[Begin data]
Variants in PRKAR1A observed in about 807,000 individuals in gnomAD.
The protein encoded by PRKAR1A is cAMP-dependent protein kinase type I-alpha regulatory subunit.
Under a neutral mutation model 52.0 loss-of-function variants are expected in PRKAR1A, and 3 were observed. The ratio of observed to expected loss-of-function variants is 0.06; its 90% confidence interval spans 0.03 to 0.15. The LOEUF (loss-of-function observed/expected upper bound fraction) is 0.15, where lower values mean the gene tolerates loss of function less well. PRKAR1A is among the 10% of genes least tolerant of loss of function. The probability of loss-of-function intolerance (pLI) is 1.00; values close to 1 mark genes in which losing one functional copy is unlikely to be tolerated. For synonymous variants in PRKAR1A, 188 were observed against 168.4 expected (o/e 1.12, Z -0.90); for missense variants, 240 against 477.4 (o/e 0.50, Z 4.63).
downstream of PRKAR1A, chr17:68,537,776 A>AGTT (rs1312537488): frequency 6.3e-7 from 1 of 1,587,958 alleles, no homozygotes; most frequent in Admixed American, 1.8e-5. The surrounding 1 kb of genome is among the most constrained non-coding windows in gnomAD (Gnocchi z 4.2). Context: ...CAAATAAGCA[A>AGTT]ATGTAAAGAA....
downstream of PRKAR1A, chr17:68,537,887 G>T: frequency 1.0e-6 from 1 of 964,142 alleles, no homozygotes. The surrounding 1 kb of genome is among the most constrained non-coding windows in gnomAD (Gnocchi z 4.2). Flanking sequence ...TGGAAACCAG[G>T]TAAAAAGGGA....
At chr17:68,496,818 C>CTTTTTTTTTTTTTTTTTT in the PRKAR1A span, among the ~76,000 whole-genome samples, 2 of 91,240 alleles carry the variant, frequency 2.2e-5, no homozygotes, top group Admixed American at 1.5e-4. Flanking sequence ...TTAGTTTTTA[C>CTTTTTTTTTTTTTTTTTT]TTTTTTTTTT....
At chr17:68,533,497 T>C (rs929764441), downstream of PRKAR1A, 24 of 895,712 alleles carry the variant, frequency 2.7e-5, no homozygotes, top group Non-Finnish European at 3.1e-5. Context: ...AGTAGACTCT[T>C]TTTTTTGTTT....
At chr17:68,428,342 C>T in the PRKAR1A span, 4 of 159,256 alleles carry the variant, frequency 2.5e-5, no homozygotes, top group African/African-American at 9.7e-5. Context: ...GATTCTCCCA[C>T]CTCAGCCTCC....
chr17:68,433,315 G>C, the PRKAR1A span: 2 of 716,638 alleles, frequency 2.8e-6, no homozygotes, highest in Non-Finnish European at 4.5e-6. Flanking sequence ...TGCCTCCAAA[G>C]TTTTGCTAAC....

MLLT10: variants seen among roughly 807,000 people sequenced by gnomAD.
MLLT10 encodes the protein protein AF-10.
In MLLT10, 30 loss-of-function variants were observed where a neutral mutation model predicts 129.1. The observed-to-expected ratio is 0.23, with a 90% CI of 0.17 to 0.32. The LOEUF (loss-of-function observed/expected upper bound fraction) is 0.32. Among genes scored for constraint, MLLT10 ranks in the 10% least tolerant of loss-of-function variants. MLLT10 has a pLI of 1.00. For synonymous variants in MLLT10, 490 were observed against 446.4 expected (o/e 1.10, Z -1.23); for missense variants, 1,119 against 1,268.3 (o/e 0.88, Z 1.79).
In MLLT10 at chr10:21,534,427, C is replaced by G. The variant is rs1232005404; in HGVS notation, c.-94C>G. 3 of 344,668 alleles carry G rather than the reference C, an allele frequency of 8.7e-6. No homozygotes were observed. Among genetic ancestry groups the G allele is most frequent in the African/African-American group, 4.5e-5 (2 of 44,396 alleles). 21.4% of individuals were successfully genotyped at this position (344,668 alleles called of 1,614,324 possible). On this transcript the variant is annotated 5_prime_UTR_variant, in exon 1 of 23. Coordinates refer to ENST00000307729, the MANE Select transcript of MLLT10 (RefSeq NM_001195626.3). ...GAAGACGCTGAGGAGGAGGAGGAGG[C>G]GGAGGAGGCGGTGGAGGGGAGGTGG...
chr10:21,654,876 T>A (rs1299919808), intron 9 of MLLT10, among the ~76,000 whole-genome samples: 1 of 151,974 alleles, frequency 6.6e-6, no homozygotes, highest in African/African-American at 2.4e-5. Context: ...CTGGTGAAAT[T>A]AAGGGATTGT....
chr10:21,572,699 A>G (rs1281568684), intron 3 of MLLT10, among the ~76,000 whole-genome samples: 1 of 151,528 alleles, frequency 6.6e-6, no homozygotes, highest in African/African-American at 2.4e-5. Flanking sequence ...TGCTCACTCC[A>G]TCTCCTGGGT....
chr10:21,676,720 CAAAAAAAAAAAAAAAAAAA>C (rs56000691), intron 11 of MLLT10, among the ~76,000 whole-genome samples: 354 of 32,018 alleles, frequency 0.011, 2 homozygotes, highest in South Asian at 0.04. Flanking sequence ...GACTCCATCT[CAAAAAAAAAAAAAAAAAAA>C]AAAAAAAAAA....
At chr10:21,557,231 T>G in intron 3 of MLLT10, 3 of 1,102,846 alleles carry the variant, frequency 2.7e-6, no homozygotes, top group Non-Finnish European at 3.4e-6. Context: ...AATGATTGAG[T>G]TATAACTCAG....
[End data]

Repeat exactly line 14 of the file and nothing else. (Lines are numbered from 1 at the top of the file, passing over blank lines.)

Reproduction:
chr10:21,654,876 T>A (rs1299919808), intron 9 of MLLT10, among the ~76,000 whole-genome samples: 1 of 151,974 alleles, frequency 6.6e-6, no homozygotes, highest in African/African-American at 2.4e-5. Context: ...CTGGTGAAAT[T>A]AAGGGATTGT....